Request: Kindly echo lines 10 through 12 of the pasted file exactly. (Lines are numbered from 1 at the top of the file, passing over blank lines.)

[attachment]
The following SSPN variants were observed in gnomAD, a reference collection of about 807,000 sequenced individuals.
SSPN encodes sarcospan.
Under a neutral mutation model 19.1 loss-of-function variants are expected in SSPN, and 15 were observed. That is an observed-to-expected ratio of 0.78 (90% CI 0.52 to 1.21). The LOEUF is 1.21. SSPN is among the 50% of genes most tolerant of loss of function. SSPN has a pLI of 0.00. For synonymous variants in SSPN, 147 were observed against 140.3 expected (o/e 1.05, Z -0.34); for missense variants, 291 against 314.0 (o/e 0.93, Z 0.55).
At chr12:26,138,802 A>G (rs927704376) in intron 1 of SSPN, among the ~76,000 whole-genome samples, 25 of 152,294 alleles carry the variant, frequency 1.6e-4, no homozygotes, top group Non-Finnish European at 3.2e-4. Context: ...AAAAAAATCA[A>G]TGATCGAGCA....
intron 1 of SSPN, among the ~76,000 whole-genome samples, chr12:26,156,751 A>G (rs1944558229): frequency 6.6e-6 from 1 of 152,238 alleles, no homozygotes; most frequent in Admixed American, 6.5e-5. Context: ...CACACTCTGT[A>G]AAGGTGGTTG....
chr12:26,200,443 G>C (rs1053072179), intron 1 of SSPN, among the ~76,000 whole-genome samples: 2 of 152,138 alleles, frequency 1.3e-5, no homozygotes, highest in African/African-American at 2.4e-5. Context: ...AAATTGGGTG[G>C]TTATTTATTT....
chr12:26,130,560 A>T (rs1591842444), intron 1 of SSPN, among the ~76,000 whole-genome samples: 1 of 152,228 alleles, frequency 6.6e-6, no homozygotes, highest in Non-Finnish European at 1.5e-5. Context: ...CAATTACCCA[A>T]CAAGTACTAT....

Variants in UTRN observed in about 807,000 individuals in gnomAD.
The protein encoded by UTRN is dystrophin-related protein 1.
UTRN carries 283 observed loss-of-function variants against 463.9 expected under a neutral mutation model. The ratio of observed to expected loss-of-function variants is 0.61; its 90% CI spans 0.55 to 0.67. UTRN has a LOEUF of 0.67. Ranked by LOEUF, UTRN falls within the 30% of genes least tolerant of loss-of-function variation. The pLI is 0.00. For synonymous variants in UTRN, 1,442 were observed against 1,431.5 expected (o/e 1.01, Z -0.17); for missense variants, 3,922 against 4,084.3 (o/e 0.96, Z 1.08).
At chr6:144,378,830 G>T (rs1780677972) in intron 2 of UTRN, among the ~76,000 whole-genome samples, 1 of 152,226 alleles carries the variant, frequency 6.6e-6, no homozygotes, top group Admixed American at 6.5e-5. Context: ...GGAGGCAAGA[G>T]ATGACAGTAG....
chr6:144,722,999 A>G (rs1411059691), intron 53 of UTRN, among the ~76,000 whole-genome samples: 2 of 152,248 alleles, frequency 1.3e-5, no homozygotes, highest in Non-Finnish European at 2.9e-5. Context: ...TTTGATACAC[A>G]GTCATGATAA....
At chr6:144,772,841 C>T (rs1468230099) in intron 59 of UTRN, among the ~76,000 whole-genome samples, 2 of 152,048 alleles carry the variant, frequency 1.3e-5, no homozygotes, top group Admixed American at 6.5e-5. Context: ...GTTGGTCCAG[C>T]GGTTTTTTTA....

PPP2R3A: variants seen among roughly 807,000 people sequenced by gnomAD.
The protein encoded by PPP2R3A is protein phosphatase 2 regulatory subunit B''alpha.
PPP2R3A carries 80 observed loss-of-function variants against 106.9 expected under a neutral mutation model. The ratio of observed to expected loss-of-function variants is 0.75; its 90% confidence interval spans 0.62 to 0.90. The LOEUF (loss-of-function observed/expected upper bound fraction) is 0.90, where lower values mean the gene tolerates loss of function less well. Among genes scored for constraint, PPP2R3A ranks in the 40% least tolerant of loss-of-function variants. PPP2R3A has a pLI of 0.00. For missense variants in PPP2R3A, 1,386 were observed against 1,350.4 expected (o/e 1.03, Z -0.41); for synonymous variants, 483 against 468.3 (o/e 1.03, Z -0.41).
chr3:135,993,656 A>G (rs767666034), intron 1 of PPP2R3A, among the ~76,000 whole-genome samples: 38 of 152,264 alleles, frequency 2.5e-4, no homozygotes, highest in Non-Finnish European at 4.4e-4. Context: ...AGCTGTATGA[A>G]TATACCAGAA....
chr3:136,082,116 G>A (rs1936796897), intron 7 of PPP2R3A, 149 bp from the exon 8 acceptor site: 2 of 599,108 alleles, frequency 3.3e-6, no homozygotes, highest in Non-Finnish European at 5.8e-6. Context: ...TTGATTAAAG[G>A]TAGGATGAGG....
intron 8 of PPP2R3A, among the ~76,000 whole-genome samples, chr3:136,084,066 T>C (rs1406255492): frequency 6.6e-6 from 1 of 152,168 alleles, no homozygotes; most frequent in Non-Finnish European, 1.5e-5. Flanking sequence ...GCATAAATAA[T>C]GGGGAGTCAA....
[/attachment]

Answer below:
UTRN carries 283 observed loss-of-function variants against 463.9 expected under a neutral mutation model. The ratio of observed to expected loss-of-function variants is 0.61; its 90% CI spans 0.55 to 0.67. UTRN has a LOEUF of 0.67. Ranked by LOEUF, UTRN falls within the 30% of genes least tolerant of loss-of-function variation. The pLI is 0.00. For synonymous variants in UTRN, 1,442 were observed against 1,431.5 expected (o/e 1.01, Z -0.17); for missense variants, 3,922 against 4,084.3 (o/e 0.96, Z 1.08).
At chr6:144,378,830 G>T (rs1780677972) in intron 2 of UTRN, among the ~76,000 whole-genome samples, 1 of 152,226 alleles carries the variant, frequency 6.6e-6, no homozygotes, top group Admixed American at 6.5e-5. Context: ...GGAGGCAAGA[G>T]ATGACAGTAG....
chr6:144,722,999 A>G (rs1411059691), intron 53 of UTRN, among the ~76,000 whole-genome samples: 2 of 152,248 alleles, frequency 1.3e-5, no homozygotes, highest in Non-Finnish European at 2.9e-5. Context: ...TTTGATACAC[A>G]GTCATGATAA....